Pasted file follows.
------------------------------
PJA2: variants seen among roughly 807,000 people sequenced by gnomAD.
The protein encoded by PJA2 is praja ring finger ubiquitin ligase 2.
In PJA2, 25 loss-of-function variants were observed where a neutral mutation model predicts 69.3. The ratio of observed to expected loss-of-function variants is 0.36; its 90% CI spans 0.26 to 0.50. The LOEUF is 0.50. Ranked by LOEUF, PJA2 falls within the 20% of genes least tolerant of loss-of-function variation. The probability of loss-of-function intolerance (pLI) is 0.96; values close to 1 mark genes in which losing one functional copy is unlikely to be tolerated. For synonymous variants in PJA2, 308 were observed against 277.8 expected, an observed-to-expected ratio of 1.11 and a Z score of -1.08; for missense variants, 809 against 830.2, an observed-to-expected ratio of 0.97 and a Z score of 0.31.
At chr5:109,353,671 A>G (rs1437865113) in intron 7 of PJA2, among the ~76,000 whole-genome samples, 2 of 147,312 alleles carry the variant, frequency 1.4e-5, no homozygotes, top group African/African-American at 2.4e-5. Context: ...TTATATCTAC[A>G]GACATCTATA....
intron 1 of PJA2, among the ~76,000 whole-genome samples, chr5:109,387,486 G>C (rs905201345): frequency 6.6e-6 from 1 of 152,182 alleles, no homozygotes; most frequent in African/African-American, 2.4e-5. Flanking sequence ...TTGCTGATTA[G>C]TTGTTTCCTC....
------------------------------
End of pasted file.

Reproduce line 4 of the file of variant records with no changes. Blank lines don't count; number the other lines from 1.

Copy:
At chr5:109,353,671 A>G (rs1437865113) in intron 7 of PJA2, among the ~76,000 whole-genome samples, 2 of 147,312 alleles carry the variant, frequency 1.4e-5, no homozygotes, top group African/African-American at 2.4e-5. Context: ...TTATATCTAC[A>G]GACATCTATA....